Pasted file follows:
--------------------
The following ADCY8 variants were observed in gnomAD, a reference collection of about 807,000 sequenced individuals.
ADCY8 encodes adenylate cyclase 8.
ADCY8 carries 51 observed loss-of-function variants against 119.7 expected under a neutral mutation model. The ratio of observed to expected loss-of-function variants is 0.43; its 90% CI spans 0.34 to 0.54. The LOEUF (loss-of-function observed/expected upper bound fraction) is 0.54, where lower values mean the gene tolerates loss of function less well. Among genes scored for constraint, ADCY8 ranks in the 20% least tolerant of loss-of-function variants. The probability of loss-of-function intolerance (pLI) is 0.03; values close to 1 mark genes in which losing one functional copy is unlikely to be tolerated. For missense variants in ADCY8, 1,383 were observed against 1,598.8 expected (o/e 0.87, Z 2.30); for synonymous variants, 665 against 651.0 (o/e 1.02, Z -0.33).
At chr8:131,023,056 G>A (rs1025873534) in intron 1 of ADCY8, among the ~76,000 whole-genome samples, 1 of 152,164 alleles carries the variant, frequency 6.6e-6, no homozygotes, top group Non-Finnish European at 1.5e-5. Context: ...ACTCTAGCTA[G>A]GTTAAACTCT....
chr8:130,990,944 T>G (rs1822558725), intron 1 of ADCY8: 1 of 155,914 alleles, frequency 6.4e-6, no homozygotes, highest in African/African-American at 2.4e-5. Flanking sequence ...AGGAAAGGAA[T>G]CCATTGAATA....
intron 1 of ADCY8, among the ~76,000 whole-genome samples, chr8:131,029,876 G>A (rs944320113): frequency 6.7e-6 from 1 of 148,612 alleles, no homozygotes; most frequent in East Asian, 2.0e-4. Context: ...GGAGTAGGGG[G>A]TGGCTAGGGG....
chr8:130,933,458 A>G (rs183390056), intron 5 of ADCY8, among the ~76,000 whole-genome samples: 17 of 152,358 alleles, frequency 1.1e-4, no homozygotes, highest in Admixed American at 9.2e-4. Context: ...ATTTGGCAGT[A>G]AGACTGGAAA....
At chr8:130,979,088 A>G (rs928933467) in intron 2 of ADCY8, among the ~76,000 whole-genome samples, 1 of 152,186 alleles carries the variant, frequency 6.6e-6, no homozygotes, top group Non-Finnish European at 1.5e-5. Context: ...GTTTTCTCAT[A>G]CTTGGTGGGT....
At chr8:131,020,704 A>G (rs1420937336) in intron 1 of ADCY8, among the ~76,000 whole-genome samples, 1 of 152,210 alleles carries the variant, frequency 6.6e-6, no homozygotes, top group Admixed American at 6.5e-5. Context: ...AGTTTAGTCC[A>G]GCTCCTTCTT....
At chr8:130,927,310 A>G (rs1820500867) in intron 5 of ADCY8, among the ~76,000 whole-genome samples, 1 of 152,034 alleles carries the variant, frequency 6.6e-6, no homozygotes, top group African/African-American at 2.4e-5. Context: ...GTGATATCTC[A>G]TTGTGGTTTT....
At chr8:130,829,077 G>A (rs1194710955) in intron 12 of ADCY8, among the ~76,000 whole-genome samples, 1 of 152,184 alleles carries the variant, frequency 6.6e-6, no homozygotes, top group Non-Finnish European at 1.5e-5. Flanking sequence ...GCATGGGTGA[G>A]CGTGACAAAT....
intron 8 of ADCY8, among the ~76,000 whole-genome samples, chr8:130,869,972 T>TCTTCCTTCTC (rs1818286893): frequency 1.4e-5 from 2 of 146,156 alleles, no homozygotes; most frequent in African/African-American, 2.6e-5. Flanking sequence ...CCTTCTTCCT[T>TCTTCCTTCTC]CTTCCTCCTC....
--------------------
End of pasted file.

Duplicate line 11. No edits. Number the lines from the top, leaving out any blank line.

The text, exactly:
At chr8:130,829,077 G>A (rs1194710955) in intron 12 of ADCY8, among the ~76,000 whole-genome samples, 1 of 152,184 alleles carries the variant, frequency 6.6e-6, no homozygotes, top group Non-Finnish European at 1.5e-5. Flanking sequence ...GCATGGGTGA[G>A]CGTGACAAAT....